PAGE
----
Armed with trash bags and grabber tools, a team of volunteers from Georgia Aquarium set out on a rainy Saturday to remove trash from local spots within the Chattahoochee River National Recreation Area. The effort was part of Sweep the Hooch day, hosted by nonprofit organization Chattahoochee Riverkeeper. The annual event removed more than 57 tons of trash in its first seven years. This year marked its eighth year.
“I was motivated to participate because I live right on the Chattahoochee,” said Rayanna Seid, a maintenance diver with the Aquarium. “My dog and I venture almost daily to the different spots along it. I wanted to give back to an area that provided me an outdoor outlet and good memories.”
“The area we cleaned is home to river otters, beavers and countless other species,” observed Peter Mawhinney, coordinator of dolphin dive operations. “Seeing them with that much trash in their habitat is disheartening.”
Julie Nguyen, volunteer and intern coordinator at Georgia Aquarium, organized the team of Aquarium participants and said it wasn’t difficult to get volunteers. “A lot of the people who work at Georgia Aquarium are so passionate about our community and about giving back, and that’s why we work at a nonprofit. Giving back is such a big part of us.”
All the volunteers were surprised at the amount of trash they encountered. “My coworker and I ventured off from the group and we picked up six bags of trash just between the two of us. I was in shock, especially with there being trash cans along most of the route,” Seid noted.
Some of the trash was what you’d expect — cans, bottles, tennis balls, takeout containers, cigarette butts, dog toys, plastic grocery bags. Some of it was not. “Someone pulled a mattress out of a river bank,” said Nguyen. Members of the youth volunteer program dug a tire out of the sand. (It took five people.)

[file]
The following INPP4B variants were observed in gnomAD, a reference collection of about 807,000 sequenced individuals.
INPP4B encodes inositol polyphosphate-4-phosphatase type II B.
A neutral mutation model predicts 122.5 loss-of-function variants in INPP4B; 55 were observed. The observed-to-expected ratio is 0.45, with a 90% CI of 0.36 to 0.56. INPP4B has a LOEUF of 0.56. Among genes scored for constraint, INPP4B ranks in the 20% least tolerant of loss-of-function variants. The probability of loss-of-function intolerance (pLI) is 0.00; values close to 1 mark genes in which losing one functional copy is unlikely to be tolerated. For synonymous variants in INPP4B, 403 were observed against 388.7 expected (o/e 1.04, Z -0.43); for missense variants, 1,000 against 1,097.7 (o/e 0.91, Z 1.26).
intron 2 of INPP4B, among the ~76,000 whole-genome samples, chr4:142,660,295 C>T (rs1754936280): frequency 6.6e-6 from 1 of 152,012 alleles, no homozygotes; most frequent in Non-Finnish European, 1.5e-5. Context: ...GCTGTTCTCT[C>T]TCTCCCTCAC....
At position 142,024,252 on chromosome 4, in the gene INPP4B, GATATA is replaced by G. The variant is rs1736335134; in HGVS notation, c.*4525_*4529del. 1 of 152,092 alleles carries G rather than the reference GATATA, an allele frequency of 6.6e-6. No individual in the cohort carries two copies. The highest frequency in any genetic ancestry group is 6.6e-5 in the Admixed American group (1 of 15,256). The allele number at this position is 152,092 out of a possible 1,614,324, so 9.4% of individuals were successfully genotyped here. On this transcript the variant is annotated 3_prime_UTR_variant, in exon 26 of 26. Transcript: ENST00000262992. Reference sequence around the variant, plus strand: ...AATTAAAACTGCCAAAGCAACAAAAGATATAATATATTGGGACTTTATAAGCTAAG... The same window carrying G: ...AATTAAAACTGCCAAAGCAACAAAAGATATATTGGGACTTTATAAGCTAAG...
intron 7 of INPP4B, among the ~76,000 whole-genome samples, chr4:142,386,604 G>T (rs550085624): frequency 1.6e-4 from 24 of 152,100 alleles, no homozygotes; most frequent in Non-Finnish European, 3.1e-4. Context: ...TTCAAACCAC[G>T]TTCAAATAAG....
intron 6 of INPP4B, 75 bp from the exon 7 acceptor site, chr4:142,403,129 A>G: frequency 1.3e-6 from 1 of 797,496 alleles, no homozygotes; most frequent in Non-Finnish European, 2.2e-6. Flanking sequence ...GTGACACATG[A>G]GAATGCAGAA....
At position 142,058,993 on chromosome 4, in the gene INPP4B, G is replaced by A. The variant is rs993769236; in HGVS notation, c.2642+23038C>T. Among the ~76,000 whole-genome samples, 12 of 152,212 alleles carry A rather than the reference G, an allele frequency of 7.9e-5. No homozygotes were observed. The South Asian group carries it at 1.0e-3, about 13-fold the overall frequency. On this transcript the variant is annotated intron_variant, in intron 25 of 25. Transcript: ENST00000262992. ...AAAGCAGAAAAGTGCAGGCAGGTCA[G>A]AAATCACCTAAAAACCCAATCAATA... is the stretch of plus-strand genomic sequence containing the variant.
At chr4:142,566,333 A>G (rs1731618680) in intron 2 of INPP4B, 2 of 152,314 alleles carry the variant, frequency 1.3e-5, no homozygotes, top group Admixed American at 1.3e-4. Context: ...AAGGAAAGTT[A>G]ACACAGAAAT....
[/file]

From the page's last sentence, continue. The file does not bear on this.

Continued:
In an area popular with fisherman, discarded fishing line was everywhere — and it wasn’t easy to remove. “I always knew that fishing line was an issue,” said Nguyen. “It’s clear, so animals and fish don’t see it. Actually experiencing it and getting caught up in it, imagining being a squirrel or deer or dog and getting caught up in it, it was so impactful for us.”
All told, the 960 volunteers at this year’s event, including 15 Georgia Aquarium staff members and additional volunteers from the Aquarium’s youth and military volunteer programs, pulled more than 21 tons of trash from the Chattahoochee River.
"You see our direct impact,” said Nguyen. “That’s why I wanted to organize an event like this for our Georgia Aquarium staff. We talk about conservation. We have to practice what we preach.”
Nguyen is hoping to plan a bigger event next year, and at least one participant is already excited about it. “When I left I felt like I had only given back a small fraction of what the Chattahoochee River area had given me,” Seid explained. “I am looking forward to the next event.”
Seid said Sweep the Hooch day inspired her to clean paths as she hikes with her dog, and she wasn’t the only volunteer inspired to act. “Now I’ll keep a little trash bag with me whenever I go to parks,” said Kailen Gilde, an environmental analyst in the Water Quality Lab. “You don’t have to wait for a river sweep to make a difference!”
Nguyen hopes everyone will follow suit. “It’s such a small part of our day and such a big part of who we are as people on this planet to make sure we leave this a better place than we found it.”